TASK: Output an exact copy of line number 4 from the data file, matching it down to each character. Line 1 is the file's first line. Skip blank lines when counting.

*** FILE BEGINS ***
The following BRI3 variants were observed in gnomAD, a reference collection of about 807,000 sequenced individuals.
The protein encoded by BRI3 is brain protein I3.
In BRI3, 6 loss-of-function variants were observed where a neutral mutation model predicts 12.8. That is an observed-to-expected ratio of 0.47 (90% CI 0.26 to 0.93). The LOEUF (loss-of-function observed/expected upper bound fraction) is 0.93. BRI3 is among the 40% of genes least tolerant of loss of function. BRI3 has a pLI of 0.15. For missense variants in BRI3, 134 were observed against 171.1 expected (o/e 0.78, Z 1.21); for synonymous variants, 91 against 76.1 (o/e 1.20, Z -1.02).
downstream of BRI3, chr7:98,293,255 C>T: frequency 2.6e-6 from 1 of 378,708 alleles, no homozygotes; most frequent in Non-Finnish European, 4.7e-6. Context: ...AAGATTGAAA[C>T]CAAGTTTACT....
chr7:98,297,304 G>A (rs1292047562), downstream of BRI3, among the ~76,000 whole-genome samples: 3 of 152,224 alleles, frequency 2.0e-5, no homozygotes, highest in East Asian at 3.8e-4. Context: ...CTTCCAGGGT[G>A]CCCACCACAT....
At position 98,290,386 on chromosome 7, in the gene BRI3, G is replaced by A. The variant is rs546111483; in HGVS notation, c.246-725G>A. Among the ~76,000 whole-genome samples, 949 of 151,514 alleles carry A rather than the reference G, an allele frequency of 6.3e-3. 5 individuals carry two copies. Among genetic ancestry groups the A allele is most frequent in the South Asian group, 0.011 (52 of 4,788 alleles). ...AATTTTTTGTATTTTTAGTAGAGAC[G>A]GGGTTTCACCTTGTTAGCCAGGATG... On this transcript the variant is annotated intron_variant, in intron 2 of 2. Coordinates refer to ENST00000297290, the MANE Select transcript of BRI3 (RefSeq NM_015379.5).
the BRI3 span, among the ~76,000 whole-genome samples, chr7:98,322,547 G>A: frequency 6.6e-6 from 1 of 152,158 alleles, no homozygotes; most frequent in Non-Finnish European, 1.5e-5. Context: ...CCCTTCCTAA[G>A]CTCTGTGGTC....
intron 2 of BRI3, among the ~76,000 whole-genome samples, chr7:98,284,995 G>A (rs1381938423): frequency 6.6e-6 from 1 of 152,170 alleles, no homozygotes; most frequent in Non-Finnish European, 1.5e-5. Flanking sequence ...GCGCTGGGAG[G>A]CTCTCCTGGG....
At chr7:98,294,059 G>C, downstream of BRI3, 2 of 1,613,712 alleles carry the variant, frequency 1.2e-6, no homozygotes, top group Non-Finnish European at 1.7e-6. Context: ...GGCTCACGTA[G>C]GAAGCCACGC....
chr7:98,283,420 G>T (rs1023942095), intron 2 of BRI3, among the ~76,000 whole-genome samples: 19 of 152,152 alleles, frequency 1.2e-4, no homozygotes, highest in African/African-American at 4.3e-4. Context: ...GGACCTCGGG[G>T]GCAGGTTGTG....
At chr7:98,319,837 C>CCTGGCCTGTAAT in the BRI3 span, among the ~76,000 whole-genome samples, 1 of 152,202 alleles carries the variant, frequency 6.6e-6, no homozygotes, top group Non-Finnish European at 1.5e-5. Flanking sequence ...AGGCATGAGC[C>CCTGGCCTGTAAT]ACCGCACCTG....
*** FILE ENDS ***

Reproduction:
downstream of BRI3, chr7:98,293,255 C>T: frequency 2.6e-6 from 1 of 378,708 alleles, no homozygotes; most frequent in Non-Finnish European, 4.7e-6. Context: ...AAGATTGAAA[C>T]CAAGTTTACT....